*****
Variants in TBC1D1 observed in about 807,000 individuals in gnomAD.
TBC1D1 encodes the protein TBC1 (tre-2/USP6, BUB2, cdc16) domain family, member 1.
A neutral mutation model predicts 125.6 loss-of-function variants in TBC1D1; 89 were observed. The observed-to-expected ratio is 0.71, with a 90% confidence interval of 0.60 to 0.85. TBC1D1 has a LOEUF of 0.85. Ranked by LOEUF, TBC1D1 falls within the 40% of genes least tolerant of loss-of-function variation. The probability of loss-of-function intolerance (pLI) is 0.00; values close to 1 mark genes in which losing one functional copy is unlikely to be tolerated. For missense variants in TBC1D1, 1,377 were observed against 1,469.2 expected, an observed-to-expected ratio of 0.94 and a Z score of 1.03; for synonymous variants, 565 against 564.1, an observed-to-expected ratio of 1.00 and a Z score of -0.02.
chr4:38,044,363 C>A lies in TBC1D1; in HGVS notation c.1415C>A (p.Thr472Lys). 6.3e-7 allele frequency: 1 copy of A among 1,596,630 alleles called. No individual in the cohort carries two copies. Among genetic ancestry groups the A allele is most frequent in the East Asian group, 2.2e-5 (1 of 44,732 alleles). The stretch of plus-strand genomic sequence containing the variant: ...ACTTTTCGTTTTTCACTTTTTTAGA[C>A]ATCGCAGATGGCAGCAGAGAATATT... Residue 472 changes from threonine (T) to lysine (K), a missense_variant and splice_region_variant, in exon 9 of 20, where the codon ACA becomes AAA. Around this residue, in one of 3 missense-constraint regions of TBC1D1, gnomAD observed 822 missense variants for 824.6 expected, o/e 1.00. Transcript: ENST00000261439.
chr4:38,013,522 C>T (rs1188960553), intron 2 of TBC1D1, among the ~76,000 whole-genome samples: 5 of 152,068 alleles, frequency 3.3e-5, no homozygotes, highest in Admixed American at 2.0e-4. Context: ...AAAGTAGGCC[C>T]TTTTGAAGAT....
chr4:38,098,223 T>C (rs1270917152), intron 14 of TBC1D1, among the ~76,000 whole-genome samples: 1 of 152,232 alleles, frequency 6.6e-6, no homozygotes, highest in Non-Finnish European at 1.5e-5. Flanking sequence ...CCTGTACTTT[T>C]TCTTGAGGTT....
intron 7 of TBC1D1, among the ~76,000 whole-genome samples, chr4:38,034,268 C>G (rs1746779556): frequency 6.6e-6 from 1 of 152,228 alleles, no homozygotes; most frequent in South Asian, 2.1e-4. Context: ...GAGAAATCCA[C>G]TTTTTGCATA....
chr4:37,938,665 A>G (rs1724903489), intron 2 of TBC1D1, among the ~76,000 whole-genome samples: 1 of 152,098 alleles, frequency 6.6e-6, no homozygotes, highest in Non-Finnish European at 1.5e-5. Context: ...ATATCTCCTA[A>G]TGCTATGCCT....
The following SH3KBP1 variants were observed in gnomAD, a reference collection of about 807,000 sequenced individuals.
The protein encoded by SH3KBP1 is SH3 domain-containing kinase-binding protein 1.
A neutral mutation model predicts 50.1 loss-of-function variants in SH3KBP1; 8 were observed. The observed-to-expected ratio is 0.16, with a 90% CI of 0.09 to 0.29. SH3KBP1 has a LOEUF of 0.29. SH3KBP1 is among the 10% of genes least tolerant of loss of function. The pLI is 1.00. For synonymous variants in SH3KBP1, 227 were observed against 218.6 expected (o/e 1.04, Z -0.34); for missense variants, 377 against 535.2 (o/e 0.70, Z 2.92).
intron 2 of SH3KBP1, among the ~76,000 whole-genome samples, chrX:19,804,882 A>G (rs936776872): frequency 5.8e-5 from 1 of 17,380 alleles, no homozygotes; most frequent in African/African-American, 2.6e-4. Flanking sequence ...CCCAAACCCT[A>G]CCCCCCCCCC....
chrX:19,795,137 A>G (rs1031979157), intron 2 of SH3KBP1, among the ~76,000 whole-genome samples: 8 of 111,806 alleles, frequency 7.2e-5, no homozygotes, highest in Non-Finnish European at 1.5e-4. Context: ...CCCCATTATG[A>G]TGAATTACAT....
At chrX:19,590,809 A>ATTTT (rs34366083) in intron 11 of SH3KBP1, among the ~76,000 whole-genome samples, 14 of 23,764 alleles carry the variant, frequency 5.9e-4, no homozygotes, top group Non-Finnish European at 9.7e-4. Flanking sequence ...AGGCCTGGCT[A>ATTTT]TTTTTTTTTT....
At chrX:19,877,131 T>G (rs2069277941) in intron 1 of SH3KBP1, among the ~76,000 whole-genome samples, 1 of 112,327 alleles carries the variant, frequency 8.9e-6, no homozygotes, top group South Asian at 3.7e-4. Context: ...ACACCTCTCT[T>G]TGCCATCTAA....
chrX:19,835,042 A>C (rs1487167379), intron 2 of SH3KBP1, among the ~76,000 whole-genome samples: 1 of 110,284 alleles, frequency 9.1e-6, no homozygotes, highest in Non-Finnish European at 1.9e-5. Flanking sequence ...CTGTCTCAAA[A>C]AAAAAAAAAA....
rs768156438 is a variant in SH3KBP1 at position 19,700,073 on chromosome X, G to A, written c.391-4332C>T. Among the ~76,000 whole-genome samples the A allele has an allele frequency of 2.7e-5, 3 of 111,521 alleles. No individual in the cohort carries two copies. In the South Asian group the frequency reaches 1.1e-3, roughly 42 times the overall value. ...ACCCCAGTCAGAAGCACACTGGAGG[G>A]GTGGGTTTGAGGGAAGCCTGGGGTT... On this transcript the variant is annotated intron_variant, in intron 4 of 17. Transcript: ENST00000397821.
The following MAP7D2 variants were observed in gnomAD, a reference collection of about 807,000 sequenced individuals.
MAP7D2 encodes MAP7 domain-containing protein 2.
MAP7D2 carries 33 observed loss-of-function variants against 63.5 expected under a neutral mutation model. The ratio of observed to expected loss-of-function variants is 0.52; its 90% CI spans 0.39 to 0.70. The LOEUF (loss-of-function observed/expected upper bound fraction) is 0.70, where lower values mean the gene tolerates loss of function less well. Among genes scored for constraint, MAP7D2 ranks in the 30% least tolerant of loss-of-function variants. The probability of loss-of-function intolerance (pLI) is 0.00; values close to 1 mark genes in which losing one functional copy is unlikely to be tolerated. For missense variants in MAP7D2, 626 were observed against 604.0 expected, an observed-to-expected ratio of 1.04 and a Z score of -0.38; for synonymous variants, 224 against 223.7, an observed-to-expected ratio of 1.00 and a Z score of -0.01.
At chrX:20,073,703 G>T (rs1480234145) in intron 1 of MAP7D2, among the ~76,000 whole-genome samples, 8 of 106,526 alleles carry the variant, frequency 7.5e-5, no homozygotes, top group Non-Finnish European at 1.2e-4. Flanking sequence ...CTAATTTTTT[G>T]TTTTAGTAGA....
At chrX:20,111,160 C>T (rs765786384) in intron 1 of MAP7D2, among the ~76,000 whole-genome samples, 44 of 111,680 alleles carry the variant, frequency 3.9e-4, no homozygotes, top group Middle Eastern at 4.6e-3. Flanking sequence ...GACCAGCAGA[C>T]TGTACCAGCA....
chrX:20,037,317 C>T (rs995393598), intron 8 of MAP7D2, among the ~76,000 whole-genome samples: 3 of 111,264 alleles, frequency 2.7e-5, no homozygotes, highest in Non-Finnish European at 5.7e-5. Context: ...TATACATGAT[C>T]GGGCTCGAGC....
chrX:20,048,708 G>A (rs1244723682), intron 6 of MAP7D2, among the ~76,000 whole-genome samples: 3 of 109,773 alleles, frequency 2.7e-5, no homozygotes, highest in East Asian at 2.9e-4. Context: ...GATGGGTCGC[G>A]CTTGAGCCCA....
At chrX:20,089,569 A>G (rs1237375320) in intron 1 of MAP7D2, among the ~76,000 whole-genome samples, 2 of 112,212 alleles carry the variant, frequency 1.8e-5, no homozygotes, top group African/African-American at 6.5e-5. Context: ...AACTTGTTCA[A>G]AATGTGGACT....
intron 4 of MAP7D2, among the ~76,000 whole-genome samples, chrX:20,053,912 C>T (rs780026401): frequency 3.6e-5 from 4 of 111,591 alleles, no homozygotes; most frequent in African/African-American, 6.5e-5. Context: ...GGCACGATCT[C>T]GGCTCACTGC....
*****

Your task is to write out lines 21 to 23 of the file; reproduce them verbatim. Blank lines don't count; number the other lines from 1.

At chrX:20,073,703 G>T (rs1480234145) in intron 1 of MAP7D2, among the ~76,000 whole-genome samples, 8 of 106,526 alleles carry the variant, frequency 7.5e-5, no homozygotes, top group Non-Finnish European at 1.2e-4. Flanking sequence ...CTAATTTTTT[G>T]TTTTAGTAGA....
At chrX:20,111,160 C>T (rs765786384) in intron 1 of MAP7D2, among the ~76,000 whole-genome samples, 44 of 111,680 alleles carry the variant, frequency 3.9e-4, no homozygotes, top group Middle Eastern at 4.6e-3. Flanking sequence ...GACCAGCAGA[C>T]TGTACCAGCA....
chrX:20,037,317 C>T (rs995393598), intron 8 of MAP7D2, among the ~76,000 whole-genome samples: 3 of 111,264 alleles, frequency 2.7e-5, no homozygotes, highest in Non-Finnish European at 5.7e-5. Context: ...TATACATGAT[C>T]GGGCTCGAGC....